The Buckminster Fuller Challenge

Each year a distinguished
jury awards a $100,000 prize to support the development and implementation of a strategy that has significant potential to solve humanity’s most pressing problems and the results are in!

Congratulations to the winning proposal by the Smart Cities Group at the MIT Media lab: Sustainable Personal Mobility and Mobility-on-Demand Systems.
  

 
 

  
Winner
:
Sustainable Personal Mobility and Mobility-on-Demand Systems
Runner-Up: Dreaming New Mexico
Honorable Mentions: Cycle for Health and Mukuru BioCentres



A Design Science Revolution

Buckminster Fuller's prolific life of exploration, discovery, invention and teaching was driven by his intention “to make the world work for 100% of humanity, in the shortest possible time, through spontaneous cooperation without ecological offense or disadvantage of anyone.”

Fuller coupled this intention with a pioneering approach aimed at solving complex problems. This approach, which he called “comprehensive anticipatory design science”, combined an emphasis on individual initiative and integrity with whole systems thinking, scientific rigor and faithful reliance on nature's underlying principles. The designs he is best known for (the geodesic dome, the Dymaxion house, car, and map, and the global electric grid) were part of a visionary strategy to redesign the inter-related systems of shelter, transportation and energy.

After decades of tracking world resources, innovations in science and technology, and human needs, Fuller asserted that options exist to successfully surmount the crises of unprecedented scope and complexity facing all humanity – he issued an urgent call for a design science revolution to make the world work for all.

Answering this call is what the Buckminster Fuller Challenge is all about.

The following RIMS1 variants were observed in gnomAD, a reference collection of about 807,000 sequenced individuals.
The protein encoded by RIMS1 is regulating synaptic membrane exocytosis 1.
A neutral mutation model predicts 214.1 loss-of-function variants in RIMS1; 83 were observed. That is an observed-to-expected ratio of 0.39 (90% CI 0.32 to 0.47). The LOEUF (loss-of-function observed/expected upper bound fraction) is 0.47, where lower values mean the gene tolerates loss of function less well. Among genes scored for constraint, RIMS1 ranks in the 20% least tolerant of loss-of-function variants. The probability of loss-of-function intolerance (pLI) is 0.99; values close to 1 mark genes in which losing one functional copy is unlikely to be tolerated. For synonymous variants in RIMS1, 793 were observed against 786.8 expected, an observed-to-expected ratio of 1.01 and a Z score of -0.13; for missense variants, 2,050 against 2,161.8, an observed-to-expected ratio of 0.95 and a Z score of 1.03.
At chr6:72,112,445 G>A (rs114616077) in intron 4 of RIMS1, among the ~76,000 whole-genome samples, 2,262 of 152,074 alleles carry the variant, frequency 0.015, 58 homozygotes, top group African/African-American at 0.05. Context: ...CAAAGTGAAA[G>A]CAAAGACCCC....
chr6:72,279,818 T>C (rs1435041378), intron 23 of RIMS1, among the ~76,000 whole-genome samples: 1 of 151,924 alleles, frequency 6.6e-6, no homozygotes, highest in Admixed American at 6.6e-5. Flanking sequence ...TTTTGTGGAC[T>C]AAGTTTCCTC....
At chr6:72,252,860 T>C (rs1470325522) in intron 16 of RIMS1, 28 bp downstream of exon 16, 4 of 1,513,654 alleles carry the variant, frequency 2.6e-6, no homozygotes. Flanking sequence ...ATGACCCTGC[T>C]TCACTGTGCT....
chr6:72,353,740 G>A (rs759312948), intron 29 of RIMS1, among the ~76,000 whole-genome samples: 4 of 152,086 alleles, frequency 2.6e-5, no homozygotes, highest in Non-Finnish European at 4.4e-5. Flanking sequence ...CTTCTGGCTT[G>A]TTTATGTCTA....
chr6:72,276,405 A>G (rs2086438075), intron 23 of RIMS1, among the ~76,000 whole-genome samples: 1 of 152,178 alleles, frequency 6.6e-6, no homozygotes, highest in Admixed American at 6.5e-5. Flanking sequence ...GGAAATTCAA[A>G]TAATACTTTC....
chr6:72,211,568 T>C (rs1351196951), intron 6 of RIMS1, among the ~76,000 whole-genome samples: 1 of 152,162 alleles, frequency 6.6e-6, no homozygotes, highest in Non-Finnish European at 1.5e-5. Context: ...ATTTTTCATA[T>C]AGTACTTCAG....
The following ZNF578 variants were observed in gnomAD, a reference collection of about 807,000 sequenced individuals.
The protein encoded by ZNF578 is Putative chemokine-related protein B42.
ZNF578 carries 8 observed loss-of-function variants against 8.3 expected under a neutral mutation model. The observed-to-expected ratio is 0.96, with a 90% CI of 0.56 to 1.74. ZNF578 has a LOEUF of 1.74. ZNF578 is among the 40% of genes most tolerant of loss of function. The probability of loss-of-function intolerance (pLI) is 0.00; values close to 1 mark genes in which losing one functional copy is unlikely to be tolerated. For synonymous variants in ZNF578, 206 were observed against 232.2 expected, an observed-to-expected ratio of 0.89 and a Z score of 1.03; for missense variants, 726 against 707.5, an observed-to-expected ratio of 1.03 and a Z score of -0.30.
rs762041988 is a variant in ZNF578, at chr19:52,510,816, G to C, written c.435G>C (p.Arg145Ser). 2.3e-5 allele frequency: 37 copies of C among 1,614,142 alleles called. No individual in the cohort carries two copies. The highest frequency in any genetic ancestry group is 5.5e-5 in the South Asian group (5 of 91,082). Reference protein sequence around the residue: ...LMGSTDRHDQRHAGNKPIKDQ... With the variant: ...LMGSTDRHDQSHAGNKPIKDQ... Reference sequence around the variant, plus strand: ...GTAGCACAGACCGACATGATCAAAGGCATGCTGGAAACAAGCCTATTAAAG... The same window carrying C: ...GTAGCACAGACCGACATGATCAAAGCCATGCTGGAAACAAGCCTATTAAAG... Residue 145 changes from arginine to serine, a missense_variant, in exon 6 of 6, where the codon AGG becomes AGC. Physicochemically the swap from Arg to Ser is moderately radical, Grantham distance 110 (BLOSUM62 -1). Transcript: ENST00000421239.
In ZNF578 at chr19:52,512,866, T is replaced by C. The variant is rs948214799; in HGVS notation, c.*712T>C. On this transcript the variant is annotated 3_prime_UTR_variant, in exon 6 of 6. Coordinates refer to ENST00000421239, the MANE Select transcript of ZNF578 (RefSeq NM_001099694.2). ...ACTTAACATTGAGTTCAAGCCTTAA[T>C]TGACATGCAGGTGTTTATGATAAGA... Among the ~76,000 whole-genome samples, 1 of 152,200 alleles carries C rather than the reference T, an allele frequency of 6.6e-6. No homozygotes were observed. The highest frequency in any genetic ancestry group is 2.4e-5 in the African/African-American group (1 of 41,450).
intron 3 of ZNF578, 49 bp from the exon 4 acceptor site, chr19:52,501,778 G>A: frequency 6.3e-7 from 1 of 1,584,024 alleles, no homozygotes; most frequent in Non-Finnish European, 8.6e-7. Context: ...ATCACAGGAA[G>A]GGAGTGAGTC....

Winning the Buckminster Fuller Challenge will require more than a great stand-alone innovation.

If for example, your solution emphasizes a new design, material, process, service, tool, technology, or any combination, it is essential that it be part of an integrated strategy dealing with key social, economic, environmental, and cultural issues.

Entries must present a bold, visionary, tangible initiative that is focused on a well-defined need of critical importance. They should be regionally specific yet globally applicable, and backed up by a solid plan and the capability to move the solution forward.

We're looking for entries that are:

  • Comprehensive — addressing the interaction of key issues responsible for present conditions; aims to solve multiple problems without creating new ones;
  • Anticipatory — factoring in critical future trends and needs as well as potential long term impacts of implementation;
  • Ecologically responsible — reflecting nature's underlying principles while enhancing the Earth’s life-support systems;
  • Feasible — relying on current technology and existing resources;
  • Verifiable — able to withstand rigorous empirical testing;
  • Replicable — able to scale and adapt to a broad range of conditions.

We want the winning solution to be what Fuller called a trimtab – a catalyst inserted into a failing system at the right time and place that accelerates the transition to an equitable and sustainable future.